NFL Regular Season Overtime Rules
There are different rules for overtime in the NFL regular season and playoffs. In the regular season, a game may end in a tie if the score is still tied at the end of overtime. There is only a single 10-minute period of overtime, in which both teams get a chance to be on offense-unless a touchdown is scored. Once both teams have possessed the ball, sudden death scoring is in effect, where a safety, field goal, or touchdown will win the game.
IMPORTANT: If the first team on offense scores a touchdown or concedes a safety, the game immediately ends without the second team having a chance to possess the ball.
Both teams get two timeouts each during overtime, and there are no coach challenges. There are no PATs in NFL overtime because a touchdown ends the game; there is no need for an extra point or 2-point conversion.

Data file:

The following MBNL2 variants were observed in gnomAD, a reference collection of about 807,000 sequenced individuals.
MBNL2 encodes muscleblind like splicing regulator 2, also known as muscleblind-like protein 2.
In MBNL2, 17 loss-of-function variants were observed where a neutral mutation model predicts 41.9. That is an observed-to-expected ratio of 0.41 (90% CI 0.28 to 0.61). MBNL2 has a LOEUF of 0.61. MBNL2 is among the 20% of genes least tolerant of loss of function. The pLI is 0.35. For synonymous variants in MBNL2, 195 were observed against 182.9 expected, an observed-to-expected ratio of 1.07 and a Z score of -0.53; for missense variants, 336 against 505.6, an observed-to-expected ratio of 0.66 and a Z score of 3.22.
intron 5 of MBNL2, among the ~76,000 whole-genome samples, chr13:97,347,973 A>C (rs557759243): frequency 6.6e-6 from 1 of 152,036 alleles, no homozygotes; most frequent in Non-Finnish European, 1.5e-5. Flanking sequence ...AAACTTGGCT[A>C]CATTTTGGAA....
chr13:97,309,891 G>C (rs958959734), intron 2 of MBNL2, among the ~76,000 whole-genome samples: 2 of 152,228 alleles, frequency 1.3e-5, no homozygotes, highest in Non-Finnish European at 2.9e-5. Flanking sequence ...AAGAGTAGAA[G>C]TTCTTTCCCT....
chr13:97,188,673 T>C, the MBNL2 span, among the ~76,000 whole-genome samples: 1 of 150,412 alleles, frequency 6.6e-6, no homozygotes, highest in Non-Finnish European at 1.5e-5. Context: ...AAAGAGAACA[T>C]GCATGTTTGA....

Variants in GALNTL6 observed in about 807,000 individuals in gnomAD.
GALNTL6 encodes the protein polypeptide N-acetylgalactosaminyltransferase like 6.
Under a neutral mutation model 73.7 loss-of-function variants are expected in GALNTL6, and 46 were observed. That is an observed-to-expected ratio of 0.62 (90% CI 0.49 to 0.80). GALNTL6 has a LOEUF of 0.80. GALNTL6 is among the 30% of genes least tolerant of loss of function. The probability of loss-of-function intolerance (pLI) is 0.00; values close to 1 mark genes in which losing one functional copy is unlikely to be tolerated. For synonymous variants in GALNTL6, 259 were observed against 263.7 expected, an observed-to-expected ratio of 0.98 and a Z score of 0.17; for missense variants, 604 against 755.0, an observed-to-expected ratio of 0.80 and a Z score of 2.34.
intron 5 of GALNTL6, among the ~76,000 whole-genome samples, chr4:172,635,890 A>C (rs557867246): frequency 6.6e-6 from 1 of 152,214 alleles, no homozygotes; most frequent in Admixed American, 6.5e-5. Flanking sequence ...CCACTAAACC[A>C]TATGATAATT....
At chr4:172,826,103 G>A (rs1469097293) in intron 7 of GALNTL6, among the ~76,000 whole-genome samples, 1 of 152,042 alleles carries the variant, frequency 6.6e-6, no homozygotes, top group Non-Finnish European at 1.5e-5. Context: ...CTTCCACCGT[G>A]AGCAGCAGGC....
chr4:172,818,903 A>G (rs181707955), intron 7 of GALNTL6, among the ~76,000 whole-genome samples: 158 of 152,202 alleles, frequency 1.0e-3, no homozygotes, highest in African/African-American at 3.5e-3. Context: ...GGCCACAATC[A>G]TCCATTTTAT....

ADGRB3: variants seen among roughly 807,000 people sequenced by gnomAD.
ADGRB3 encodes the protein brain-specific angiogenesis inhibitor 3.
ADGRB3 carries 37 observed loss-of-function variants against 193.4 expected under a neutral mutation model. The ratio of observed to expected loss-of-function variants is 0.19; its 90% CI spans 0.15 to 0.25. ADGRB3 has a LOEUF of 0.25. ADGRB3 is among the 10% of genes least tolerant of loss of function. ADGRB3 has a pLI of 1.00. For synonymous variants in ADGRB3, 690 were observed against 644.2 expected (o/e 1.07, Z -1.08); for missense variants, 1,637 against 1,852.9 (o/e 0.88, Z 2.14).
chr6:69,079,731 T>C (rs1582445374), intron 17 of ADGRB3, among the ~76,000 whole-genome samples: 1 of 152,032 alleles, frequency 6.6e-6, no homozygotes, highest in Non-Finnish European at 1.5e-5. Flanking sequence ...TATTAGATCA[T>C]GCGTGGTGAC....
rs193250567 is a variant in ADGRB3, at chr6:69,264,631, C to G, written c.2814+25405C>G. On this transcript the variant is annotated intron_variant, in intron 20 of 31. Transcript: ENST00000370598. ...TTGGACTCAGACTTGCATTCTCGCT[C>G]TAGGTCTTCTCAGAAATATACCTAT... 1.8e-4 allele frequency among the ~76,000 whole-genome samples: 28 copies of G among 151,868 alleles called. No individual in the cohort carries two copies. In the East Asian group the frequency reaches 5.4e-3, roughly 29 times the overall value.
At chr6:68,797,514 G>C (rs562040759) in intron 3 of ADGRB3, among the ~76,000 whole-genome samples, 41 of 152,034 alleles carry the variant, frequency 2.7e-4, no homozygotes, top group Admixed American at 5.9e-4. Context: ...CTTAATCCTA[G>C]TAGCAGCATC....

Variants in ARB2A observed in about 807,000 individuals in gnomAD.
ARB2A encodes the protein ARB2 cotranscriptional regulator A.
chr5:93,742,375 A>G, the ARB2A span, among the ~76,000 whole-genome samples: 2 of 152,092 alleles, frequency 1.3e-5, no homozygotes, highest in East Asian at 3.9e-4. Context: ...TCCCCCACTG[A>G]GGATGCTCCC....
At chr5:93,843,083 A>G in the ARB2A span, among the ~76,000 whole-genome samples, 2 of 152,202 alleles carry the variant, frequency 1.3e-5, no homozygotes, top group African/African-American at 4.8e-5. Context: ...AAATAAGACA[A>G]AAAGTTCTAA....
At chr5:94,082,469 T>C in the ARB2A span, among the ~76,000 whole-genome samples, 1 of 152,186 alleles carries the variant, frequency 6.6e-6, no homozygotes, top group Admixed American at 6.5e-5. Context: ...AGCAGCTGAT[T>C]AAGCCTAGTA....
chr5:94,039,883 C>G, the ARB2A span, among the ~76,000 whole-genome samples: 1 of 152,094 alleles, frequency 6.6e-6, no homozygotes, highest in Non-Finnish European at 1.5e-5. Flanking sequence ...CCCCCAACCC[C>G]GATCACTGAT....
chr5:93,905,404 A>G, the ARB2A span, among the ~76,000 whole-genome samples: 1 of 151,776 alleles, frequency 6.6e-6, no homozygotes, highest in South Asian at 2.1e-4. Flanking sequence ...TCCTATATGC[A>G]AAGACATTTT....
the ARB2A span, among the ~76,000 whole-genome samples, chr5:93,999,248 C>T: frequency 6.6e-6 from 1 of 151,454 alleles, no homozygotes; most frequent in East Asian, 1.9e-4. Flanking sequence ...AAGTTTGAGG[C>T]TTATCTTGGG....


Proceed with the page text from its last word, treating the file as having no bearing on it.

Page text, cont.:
NFL Playoffs Overtime Rules
NFL Overtime Coin Toss
- To kick or to receive the opening kickoff
- Which goal to defend (also known as choosing wind)
- Defer choice to the start of the 2nd half of overtime
College Football Overtime Rules
Each overtime period lasts two possessions. Both teams get a chance to be on offense. The team that scores the most points during their possession is the winner. When on offense, a team gets the ball on their opponent's 25-yard line. Kickoffs are not used in college football overtime.
IMPORTANT: The order of which team is on offense first alternates each overtime period.
Teams will alternate playing offense when:
College Football Overtime Coin Toss
In college overtime, there are advantages and disadvantages to choosing offense or defense. Some teams like choosing defense first because they will know how much they will need to score once they are on offense. Others like playing offense first because scoring first will put pressure on the opponent's offense to do the same.